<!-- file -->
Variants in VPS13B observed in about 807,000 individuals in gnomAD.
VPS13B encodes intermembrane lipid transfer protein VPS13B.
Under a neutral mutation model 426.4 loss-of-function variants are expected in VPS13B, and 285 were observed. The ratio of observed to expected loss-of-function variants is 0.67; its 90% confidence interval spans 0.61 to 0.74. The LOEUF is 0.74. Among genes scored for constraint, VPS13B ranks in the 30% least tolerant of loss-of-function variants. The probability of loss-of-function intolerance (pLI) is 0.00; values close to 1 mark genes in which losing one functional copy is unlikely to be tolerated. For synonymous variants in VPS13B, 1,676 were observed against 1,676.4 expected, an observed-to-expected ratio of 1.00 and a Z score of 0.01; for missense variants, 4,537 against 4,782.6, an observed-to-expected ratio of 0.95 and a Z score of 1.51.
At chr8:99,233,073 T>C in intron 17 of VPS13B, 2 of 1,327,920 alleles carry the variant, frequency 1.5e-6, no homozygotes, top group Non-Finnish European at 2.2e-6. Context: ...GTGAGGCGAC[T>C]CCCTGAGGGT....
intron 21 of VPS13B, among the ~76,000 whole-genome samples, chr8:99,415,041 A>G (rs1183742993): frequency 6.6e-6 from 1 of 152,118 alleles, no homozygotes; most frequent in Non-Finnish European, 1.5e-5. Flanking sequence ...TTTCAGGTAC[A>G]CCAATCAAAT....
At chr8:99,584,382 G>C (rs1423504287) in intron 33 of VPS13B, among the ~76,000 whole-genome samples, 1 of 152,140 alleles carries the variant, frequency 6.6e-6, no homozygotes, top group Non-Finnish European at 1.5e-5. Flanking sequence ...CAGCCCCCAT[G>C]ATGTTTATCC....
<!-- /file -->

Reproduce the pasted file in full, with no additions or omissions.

Variants in VPS13B observed in about 807,000 individuals in gnomAD.
VPS13B encodes intermembrane lipid transfer protein VPS13B.
Under a neutral mutation model 426.4 loss-of-function variants are expected in VPS13B, and 285 were observed. The ratio of observed to expected loss-of-function variants is 0.67; its 90% confidence interval spans 0.61 to 0.74. The LOEUF is 0.74. Among genes scored for constraint, VPS13B ranks in the 30% least tolerant of loss-of-function variants. The probability of loss-of-function intolerance (pLI) is 0.00; values close to 1 mark genes in which losing one functional copy is unlikely to be tolerated. For synonymous variants in VPS13B, 1,676 were observed against 1,676.4 expected, an observed-to-expected ratio of 1.00 and a Z score of 0.01; for missense variants, 4,537 against 4,782.6, an observed-to-expected ratio of 0.95 and a Z score of 1.51.
At chr8:99,233,073 T>C in intron 17 of VPS13B, 2 of 1,327,920 alleles carry the variant, frequency 1.5e-6, no homozygotes, top group Non-Finnish European at 2.2e-6. Context: ...GTGAGGCGAC[T>C]CCCTGAGGGT....
intron 21 of VPS13B, among the ~76,000 whole-genome samples, chr8:99,415,041 A>G (rs1183742993): frequency 6.6e-6 from 1 of 152,118 alleles, no homozygotes; most frequent in Non-Finnish European, 1.5e-5. Flanking sequence ...TTTCAGGTAC[A>G]CCAATCAAAT....
At chr8:99,584,382 G>C (rs1423504287) in intron 33 of VPS13B, among the ~76,000 whole-genome samples, 1 of 152,140 alleles carries the variant, frequency 6.6e-6, no homozygotes, top group Non-Finnish European at 1.5e-5. Flanking sequence ...CAGCCCCCAT[G>C]ATGTTTATCC....